Clarkson praised for farm life focus but pilloried on safety

Tina Morgan calls for the global farming industry to show new leadership on health and safety as TV star wastes UK opportunity.

Reality TV rarely shines a light on an industry that everyone relies on, but many know little about. Yet this is what Clarkson’s Farm (Amazon Prime) has done.

Jeremy Clarkson, a TV personality and complete novice to farming, shows his lack of knowledge and experience almost immediately. He is heard saying there are “hundreds of different ways to kill yourself” in farming and he isn’t wrong: 25 people were killed in the UK in 2021/22 because of farming and other agriculture-related activities. With UK farming’s older workforce, a third of these workers killed were aged 65 or older.

Thankfully, Jeremy isn’t short of help. He has a Land Agent who, in the first show, tells him the “biggest challenge will be learning how to do it”. His local NFU Agent shows him how to operate the farm equipment; and he’s assisted by Kaleb, a young but extremely capable farmer.

Through both the first and second series we see Jeremy getting to grips with the long hours and hard work, we see the remote nature and intensity of the work and the huge range of skills required which Jeremy learns along the way. There are also frustrations around the time spent filling in forms and dealing with the formalities of farming. The show demonstrates the ingenuity of farmers and their ‘get on an get it done attitude,’ with the humour always managing to come through.

Also featured is the fantastic work for wildlife which includes setting up owl boxes, rewilding areas, creating a pond and putting in grass margins. Many farmers undertake conservation work and this is rarely reported.

Unfortunately, there are Badgers on the edge of the farm that are found to be carrying TB and in the second series we see how this affects the farming community. A neighbouring farm has lost 60 of its cattle to the disease and their remaining herd, and ultimately their livelihood, is still at risk. We also see the hens and cockerels having to be housed due to Bird Flu and all of this adds to the pressures of farming.

Not fully supportive

While most of the farmers who watch the programme applaud the series for being a true and accurate reflection of farming, the Farm Safety Groups are not fully supportive of the show. The trailer for Series 2, for example, showed Kaleb being carried on the front of the tractor and this led to a lot of criticism. But other dangerous activities that have been shown on camera relate to:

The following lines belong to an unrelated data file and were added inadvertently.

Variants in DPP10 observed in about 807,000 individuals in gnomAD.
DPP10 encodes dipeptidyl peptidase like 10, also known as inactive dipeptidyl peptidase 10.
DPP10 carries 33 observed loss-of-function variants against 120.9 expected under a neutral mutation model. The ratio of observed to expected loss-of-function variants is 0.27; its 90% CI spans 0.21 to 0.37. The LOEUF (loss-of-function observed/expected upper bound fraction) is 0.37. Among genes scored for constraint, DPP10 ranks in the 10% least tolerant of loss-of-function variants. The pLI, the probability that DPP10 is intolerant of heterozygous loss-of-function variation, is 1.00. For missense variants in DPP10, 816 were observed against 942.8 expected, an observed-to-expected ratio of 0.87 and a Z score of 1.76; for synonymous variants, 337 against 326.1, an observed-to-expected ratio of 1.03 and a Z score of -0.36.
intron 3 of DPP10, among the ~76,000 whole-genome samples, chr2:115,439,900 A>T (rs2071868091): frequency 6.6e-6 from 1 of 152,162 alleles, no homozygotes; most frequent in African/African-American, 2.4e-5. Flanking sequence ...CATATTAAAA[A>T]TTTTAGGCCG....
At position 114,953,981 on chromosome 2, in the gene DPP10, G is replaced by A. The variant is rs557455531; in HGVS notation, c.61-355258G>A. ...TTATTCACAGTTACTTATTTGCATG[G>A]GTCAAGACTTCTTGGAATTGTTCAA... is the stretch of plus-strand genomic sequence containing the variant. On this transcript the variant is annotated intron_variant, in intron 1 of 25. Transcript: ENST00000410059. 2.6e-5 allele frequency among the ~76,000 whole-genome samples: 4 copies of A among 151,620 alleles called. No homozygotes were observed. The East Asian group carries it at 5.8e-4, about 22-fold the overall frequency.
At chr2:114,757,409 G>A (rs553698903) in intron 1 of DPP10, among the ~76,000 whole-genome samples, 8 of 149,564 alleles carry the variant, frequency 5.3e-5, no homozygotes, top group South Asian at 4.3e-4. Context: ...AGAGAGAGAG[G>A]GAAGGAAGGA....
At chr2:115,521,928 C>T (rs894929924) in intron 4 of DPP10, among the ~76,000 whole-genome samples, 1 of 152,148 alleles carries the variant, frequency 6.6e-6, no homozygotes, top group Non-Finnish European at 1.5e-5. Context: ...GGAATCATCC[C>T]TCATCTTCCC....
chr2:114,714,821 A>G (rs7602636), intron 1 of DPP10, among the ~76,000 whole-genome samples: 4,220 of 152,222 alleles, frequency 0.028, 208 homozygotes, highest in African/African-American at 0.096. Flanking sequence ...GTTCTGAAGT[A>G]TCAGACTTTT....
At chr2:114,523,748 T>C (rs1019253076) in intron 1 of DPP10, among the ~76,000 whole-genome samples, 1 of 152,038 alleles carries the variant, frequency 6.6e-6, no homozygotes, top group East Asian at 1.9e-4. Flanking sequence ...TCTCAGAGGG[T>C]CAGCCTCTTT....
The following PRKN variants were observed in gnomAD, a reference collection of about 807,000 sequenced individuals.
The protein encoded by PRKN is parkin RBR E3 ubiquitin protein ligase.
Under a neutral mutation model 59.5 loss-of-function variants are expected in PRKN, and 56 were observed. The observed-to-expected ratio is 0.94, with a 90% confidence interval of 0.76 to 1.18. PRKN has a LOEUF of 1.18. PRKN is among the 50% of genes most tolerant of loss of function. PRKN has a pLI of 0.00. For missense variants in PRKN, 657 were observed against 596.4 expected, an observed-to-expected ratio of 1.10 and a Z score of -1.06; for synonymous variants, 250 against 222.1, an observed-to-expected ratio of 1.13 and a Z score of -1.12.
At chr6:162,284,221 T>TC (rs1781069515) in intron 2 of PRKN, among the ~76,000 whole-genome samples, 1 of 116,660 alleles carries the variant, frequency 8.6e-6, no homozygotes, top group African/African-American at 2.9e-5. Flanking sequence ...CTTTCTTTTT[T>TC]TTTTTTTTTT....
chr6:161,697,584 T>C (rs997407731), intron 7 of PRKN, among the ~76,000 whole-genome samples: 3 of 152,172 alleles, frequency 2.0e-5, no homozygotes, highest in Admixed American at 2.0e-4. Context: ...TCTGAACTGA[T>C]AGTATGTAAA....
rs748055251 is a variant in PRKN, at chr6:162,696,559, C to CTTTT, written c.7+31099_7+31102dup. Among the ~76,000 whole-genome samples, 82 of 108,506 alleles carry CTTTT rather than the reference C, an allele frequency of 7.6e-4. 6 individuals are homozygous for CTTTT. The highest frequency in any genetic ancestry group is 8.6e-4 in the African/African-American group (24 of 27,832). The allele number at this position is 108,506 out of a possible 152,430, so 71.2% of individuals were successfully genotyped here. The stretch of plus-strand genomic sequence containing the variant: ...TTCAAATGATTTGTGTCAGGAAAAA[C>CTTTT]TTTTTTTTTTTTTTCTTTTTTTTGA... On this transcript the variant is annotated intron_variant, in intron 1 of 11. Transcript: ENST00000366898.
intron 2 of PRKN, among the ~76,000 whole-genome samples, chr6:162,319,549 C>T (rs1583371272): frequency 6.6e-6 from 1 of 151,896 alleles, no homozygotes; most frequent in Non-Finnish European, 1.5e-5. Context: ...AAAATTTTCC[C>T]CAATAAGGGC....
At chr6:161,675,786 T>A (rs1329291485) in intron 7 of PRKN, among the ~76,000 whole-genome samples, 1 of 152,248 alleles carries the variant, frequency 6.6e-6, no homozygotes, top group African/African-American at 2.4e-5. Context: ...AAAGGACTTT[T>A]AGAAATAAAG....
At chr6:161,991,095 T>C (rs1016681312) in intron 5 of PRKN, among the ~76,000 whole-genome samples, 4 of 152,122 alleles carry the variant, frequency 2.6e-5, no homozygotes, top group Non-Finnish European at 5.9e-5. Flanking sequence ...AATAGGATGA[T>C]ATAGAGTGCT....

• Improper storage of fertilisers and chemicals
  • Operating machinery and equipment
  • Fire risks and emergency plans
  • Unsafe work at height
  • Horseplay
  • Chainsaw use without adequate PPE
  • Cattle handling
  • Poor Construction Design and Management (CDM) compliance.

Jeremy does, on occasion, recognise unsafe practices, but he still allows them to continue. A close call leads him to do the online LANTRA Health & Safety Course, but rather than respond positively he talks of the ‘torture of health and safety instructions’, shows contempt for the subject and at one point appears to be asleep.

It is possible that some of what we see is done for entertainment purposes but please, Jeremy, use your voice and platform not only to entertain but to highlight the dangers of farming and promote how safe practices can be adopted easily and usually without any significant cost.

The industry needs to show leadership on this, especially when we see that in the past couple of weeks another farmer has been killed, his son seriously injured, and another farmer jailed for health and safety breaches. We must stop the loss of lives and the devastating impact each death has on farming families and communities.

Tina Morgan CFIOSH
Chair of the IOSH Rural Industries Group



Tina Morgan CFIOSH
Chair of the IOSH Rural Industries Group
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